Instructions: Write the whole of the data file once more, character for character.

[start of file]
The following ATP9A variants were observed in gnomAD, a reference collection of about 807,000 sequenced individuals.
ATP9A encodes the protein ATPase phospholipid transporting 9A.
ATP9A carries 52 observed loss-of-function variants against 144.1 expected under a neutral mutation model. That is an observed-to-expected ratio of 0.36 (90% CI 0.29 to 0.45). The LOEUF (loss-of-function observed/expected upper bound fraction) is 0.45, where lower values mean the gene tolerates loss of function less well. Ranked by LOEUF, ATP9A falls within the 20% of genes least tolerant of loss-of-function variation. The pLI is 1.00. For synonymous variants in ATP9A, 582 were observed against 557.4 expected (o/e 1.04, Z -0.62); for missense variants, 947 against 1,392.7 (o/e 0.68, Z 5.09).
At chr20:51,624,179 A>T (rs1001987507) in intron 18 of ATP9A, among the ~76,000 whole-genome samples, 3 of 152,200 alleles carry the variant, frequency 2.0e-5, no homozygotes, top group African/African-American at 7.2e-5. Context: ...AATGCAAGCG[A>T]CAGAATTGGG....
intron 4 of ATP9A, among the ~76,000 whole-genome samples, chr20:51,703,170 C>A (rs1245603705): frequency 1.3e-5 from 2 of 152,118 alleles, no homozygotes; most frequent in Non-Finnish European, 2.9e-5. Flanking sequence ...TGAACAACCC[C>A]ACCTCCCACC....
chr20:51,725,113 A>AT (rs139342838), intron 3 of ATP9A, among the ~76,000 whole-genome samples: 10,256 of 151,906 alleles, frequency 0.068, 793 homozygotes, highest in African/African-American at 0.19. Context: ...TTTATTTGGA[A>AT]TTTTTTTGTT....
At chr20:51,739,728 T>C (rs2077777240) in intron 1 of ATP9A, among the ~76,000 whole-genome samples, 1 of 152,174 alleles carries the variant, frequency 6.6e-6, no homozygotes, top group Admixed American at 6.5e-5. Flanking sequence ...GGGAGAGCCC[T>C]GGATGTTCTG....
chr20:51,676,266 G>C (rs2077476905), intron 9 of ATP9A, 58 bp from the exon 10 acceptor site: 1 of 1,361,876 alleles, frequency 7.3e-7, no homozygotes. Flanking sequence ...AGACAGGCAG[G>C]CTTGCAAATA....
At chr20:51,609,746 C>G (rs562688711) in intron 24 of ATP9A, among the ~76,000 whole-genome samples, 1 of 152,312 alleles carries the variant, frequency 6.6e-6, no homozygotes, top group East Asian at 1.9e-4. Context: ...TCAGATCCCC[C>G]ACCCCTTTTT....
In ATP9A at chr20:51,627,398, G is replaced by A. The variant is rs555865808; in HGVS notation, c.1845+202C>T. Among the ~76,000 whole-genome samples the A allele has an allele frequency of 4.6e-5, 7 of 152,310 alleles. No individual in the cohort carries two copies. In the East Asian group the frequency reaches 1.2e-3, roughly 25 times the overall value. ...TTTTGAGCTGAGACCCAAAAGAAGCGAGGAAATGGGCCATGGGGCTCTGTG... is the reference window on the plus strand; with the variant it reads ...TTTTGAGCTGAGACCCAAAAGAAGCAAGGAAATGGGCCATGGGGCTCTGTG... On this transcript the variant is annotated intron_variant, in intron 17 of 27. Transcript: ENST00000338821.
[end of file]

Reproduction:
The following ATP9A variants were observed in gnomAD, a reference collection of about 807,000 sequenced individuals.
ATP9A encodes the protein ATPase phospholipid transporting 9A.
ATP9A carries 52 observed loss-of-function variants against 144.1 expected under a neutral mutation model. That is an observed-to-expected ratio of 0.36 (90% CI 0.29 to 0.45). The LOEUF (loss-of-function observed/expected upper bound fraction) is 0.45, where lower values mean the gene tolerates loss of function less well. Ranked by LOEUF, ATP9A falls within the 20% of genes least tolerant of loss-of-function variation. The pLI is 1.00. For synonymous variants in ATP9A, 582 were observed against 557.4 expected (o/e 1.04, Z -0.62); for missense variants, 947 against 1,392.7 (o/e 0.68, Z 5.09).
At chr20:51,624,179 A>T (rs1001987507) in intron 18 of ATP9A, among the ~76,000 whole-genome samples, 3 of 152,200 alleles carry the variant, frequency 2.0e-5, no homozygotes, top group African/African-American at 7.2e-5. Context: ...AATGCAAGCG[A>T]CAGAATTGGG....
intron 4 of ATP9A, among the ~76,000 whole-genome samples, chr20:51,703,170 C>A (rs1245603705): frequency 1.3e-5 from 2 of 152,118 alleles, no homozygotes; most frequent in Non-Finnish European, 2.9e-5. Flanking sequence ...TGAACAACCC[C>A]ACCTCCCACC....
chr20:51,725,113 A>AT (rs139342838), intron 3 of ATP9A, among the ~76,000 whole-genome samples: 10,256 of 151,906 alleles, frequency 0.068, 793 homozygotes, highest in African/African-American at 0.19. Context: ...TTTATTTGGA[A>AT]TTTTTTTGTT....
At chr20:51,739,728 T>C (rs2077777240) in intron 1 of ATP9A, among the ~76,000 whole-genome samples, 1 of 152,174 alleles carries the variant, frequency 6.6e-6, no homozygotes, top group Admixed American at 6.5e-5. Flanking sequence ...GGGAGAGCCC[T>C]GGATGTTCTG....
chr20:51,676,266 G>C (rs2077476905), intron 9 of ATP9A, 58 bp from the exon 10 acceptor site: 1 of 1,361,876 alleles, frequency 7.3e-7, no homozygotes. Flanking sequence ...AGACAGGCAG[G>C]CTTGCAAATA....
At chr20:51,609,746 C>G (rs562688711) in intron 24 of ATP9A, among the ~76,000 whole-genome samples, 1 of 152,312 alleles carries the variant, frequency 6.6e-6, no homozygotes, top group East Asian at 1.9e-4. Context: ...TCAGATCCCC[C>G]ACCCCTTTTT....
In ATP9A at chr20:51,627,398, G is replaced by A. The variant is rs555865808; in HGVS notation, c.1845+202C>T. Among the ~76,000 whole-genome samples the A allele has an allele frequency of 4.6e-5, 7 of 152,310 alleles. No individual in the cohort carries two copies. In the East Asian group the frequency reaches 1.2e-3, roughly 25 times the overall value. ...TTTTGAGCTGAGACCCAAAAGAAGCGAGGAAATGGGCCATGGGGCTCTGTG... is the reference window on the plus strand; with the variant it reads ...TTTTGAGCTGAGACCCAAAAGAAGCAAGGAAATGGGCCATGGGGCTCTGTG... On this transcript the variant is annotated intron_variant, in intron 17 of 27. Transcript: ENST00000338821.